Background. A number of challenge studies have reported abnormalities of serotonergic function in borderline personality disorder (BPD). There are, however, problems with the pharmacological probes used in these studies since fenfluramine and m-CPP are not only serotonergic agents but also induce release of catecholamines, particularly dopamine. Therefore, we tested whether subjects with BPD showed a blunted prolactin (PRL) response to flesinoxan, a highly potent and selective 5-HT1A agonist.
Methods. Flesinoxan challenge test was carried out in 20 BPD in-patients and 20 healthy controls matched for gender but not for age. Since 16 BPD in-patients exhibited major depressive co-morbidity, a group of 20 depressed in-patients matched for gender but not for age was also included.
Results. BPD in-patients exhibited blunted PRL responses as compared to controls, whereas depressed in-patients did not differ from controls. Moreover, PRL responses were lower among BPD in-patients than among depressed in-patients. Among the BPD in-patients, PRL responses to flesinoxan were lower in patients with past history of suicide attempts (N = 8) than in those with a negative history.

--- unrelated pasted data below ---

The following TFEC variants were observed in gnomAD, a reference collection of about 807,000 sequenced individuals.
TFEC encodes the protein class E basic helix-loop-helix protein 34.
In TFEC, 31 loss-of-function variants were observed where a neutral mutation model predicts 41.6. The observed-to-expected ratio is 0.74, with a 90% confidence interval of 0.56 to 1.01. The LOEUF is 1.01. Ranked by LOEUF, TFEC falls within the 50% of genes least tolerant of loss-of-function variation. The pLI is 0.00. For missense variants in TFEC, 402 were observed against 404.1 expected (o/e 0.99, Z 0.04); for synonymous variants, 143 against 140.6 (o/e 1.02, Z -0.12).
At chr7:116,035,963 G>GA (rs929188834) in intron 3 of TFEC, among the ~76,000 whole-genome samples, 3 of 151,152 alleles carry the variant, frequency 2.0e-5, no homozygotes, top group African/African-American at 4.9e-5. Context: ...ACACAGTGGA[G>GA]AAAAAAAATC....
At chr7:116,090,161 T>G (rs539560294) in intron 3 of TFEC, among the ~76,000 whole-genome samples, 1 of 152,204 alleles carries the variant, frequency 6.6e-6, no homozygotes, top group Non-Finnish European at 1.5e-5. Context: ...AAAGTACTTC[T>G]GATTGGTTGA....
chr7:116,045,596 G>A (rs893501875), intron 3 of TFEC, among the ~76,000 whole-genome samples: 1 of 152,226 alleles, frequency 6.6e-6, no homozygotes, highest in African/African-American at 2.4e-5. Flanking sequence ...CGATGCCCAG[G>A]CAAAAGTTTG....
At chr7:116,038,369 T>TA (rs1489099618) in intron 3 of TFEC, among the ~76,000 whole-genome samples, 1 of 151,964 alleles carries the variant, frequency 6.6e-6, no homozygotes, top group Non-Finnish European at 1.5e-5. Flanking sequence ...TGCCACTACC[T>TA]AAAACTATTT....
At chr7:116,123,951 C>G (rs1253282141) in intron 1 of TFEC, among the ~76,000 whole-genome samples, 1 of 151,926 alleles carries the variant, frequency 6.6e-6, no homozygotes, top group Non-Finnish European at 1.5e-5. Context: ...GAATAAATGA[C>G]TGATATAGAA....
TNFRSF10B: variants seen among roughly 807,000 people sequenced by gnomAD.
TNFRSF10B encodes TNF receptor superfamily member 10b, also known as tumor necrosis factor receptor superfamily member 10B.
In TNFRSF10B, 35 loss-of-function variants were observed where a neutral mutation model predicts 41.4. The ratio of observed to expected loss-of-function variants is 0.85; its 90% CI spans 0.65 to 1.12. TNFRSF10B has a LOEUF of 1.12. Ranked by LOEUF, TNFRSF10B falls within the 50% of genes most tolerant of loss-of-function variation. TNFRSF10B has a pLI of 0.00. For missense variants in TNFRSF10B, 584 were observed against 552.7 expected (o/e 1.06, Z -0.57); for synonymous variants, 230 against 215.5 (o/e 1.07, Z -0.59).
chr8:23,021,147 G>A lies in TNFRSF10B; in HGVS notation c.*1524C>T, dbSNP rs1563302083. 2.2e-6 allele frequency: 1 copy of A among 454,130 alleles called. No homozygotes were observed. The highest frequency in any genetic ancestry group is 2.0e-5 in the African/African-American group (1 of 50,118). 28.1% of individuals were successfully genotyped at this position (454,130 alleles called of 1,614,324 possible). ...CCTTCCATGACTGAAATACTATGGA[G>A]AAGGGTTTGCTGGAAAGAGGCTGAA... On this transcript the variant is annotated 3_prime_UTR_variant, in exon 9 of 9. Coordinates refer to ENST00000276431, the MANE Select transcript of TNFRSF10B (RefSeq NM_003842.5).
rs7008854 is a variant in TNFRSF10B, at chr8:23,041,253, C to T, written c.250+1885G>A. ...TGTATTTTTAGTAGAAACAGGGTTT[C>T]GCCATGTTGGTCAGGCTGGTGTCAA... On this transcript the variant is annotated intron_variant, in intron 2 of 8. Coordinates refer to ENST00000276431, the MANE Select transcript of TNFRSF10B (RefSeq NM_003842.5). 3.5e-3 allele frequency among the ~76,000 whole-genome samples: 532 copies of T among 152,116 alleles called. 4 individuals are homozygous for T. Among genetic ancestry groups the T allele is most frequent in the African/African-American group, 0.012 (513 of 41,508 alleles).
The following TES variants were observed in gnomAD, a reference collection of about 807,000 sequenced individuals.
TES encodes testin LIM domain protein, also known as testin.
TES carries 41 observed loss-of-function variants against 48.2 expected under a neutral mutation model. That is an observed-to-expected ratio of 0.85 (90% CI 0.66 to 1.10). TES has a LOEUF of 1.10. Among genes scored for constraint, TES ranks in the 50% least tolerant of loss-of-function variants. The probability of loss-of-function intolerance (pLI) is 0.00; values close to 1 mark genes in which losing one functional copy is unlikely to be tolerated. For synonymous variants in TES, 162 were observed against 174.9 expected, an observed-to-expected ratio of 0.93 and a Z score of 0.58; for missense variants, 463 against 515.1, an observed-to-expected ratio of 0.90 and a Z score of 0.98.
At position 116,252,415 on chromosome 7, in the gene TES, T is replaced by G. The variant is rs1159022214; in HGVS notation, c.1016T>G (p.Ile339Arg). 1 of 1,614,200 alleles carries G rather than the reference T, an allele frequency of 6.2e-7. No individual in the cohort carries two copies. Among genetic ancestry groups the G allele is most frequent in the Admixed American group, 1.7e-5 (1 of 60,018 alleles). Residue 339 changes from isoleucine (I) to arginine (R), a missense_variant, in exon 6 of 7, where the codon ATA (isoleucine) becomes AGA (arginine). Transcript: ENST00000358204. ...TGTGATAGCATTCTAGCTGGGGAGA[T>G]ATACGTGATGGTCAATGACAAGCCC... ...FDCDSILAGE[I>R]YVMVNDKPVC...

Conclusions. The results show major involvement of serotonergic function in BPD and are consistent with previous studies linking lower serotonergic activity with impulsivity. More particularly, our data suggest that BPD is characterized by lower 5-HT1A receptor sensitivity. Moreover, the data support the involvement of 5-HT1A activity in suicidal behaviour. However, this conclusion is limited because other hormonal responses such as ACTH and cortisol were not assessed, and because BPD was assessed by a self-report questionnaire and not a structured clinical interview.